Women should be able to report wolf-whistling, catcalling and unwanted attention on public transport to the police as
hate crimes, according to Grimsby's MP, Melanie Onn.
The Labour front-bench politician has secured a debate in Parliament on Wednesday, March 7, to call for misogyny to be made a hate crime. The town's MP said women should not have to put up with unwanted behaviour in public and claims that a law
change would make women more confident in reporting such behaviours.
Surely in tetchy and angry times, when so many are so 'easily offended, surely we don't want people to be given the power to cause so much harm to others for trivial reasons. EVeryone will just end up hating everyone else even more.
A well-placed source told me recently that late last year the BBC pulled plans to show the Oscar-winning film American Beauty on BBC1. Why? Because it stars Kevin Spacey, who had at that point just been accused of sexually inappropriate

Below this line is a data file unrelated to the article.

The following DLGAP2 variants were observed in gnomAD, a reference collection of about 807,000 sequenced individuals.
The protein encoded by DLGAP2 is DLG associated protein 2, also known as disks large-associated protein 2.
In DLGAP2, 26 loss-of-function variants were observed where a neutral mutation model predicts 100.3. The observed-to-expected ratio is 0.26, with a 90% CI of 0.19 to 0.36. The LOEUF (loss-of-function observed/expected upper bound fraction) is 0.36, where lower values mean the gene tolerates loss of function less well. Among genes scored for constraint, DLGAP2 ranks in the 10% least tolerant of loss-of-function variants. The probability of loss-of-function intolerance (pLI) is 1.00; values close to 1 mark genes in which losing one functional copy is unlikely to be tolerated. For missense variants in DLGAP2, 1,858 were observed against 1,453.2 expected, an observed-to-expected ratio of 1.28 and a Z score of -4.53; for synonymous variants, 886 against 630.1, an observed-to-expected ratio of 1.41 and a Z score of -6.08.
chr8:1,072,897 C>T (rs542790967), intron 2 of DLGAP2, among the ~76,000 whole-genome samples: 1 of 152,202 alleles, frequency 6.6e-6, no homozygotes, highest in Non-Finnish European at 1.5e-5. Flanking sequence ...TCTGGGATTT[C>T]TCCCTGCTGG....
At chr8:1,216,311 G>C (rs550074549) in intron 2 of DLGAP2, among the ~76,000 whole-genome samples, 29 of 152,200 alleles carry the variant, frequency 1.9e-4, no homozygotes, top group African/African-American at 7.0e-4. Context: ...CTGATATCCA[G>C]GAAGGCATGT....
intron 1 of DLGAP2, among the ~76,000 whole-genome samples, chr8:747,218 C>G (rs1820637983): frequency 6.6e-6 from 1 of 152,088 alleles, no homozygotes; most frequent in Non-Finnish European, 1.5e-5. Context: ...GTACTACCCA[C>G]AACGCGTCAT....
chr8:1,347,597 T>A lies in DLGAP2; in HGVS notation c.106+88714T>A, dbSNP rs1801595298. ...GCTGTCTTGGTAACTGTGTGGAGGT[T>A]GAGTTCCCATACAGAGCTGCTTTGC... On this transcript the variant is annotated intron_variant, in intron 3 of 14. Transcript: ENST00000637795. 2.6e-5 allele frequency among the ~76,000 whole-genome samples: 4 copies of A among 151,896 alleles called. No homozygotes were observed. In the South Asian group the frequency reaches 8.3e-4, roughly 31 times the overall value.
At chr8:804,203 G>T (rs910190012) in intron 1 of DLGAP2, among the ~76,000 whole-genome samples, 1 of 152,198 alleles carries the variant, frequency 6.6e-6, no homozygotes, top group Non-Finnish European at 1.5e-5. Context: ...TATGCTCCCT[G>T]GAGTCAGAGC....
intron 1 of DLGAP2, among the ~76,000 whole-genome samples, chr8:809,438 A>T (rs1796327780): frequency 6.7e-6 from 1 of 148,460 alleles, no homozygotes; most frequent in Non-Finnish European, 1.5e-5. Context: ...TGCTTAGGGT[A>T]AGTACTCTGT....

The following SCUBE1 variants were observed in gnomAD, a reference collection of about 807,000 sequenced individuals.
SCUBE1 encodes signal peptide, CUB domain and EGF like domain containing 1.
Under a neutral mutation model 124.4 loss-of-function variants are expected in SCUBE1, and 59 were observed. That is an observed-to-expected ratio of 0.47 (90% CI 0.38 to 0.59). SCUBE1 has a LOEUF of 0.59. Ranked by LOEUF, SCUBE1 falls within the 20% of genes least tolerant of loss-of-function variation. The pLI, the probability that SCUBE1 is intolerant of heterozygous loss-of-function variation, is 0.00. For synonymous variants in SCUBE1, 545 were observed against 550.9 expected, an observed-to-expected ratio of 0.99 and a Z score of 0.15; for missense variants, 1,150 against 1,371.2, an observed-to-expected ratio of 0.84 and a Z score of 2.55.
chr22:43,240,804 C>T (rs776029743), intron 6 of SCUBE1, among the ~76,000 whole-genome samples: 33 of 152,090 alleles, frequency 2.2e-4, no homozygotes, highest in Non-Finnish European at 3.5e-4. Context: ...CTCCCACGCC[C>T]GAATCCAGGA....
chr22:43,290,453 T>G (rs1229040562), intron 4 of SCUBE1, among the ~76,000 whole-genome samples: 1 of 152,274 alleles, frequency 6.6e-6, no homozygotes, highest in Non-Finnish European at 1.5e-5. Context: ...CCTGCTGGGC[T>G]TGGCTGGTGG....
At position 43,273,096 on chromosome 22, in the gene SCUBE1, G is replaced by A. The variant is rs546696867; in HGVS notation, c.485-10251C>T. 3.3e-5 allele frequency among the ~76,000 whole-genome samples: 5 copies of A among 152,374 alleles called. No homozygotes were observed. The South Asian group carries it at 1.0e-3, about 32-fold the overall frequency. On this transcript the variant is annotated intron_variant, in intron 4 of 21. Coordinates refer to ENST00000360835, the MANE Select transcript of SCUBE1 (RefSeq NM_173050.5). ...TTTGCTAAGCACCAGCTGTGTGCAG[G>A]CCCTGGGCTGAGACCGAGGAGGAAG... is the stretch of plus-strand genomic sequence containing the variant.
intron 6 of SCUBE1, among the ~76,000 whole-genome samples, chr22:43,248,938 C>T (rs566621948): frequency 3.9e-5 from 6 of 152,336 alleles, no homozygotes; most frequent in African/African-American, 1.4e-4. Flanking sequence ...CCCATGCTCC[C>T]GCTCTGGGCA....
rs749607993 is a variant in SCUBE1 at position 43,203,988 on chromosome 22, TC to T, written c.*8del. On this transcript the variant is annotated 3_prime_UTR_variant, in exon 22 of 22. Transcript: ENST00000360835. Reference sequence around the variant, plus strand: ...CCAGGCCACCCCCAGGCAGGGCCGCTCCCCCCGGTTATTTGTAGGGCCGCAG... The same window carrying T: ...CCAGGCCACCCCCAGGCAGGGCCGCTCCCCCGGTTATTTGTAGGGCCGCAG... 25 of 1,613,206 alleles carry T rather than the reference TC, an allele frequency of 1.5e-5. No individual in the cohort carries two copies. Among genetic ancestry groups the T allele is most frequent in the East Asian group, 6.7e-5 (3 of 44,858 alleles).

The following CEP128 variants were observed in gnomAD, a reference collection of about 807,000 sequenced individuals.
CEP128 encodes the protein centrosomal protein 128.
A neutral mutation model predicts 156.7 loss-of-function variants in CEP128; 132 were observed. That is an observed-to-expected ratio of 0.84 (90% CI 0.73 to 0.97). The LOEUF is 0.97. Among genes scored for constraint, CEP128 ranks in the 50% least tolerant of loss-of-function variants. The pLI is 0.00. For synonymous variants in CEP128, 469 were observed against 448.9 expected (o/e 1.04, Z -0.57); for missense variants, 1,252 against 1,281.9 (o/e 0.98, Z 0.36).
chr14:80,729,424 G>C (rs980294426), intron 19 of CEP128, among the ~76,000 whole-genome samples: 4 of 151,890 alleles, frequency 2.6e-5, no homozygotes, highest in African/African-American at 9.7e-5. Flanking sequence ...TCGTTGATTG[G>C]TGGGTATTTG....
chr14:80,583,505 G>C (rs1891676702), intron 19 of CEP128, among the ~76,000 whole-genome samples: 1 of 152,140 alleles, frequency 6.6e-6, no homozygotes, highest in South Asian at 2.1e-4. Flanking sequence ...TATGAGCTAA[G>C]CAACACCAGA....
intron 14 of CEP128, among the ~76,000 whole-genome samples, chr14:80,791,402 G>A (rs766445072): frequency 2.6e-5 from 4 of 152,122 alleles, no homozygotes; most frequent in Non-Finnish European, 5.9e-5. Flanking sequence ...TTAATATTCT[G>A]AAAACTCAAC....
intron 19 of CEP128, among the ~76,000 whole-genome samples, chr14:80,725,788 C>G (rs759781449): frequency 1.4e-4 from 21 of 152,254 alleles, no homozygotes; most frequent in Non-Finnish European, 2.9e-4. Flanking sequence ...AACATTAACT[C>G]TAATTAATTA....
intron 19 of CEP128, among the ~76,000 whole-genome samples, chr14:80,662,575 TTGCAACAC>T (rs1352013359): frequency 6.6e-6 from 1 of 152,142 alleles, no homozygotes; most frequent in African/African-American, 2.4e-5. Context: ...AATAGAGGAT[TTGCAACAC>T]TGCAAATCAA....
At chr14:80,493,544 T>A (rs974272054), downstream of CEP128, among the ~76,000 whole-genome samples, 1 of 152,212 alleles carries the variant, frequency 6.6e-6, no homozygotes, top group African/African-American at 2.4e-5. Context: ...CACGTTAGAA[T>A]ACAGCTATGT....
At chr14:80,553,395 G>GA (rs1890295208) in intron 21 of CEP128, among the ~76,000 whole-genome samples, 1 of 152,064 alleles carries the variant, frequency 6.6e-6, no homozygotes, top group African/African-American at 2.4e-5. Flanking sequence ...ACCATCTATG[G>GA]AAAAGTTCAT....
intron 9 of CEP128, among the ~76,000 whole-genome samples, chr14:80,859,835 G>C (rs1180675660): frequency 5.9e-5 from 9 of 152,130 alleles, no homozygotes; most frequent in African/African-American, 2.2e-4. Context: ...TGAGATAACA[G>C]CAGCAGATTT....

Spacey, who is now seeking treatment for his problems, has not been convicted in court of any of the offences levelled at him but the BBC seems to have decided it must shield licence fee payers from works of fiction he has appeared in anyway. No
film involving Spacey has been broadcast by the BBC -- or any other terrestrial TV channel -- for months.
The same goes for Woody Allen. In 1992 he was accused of sexually molesting his adopted daughter, Dylan.
The writer asked the main TV companies for their comments but they weren't willing to say anything worthwhile. Channel 4 was the only company even willing to allude to #MeToo reaction. A spokesman said:
Channel 4 and Film4 are always mindful of current events when scheduling films for broadcast. We select films on a case by case basis, taking into account the nature of the films and the likely impact their broadcast might have on our audiences
given current events.
The Australian 9 News programme is asking whether the word 'retard' should be banned.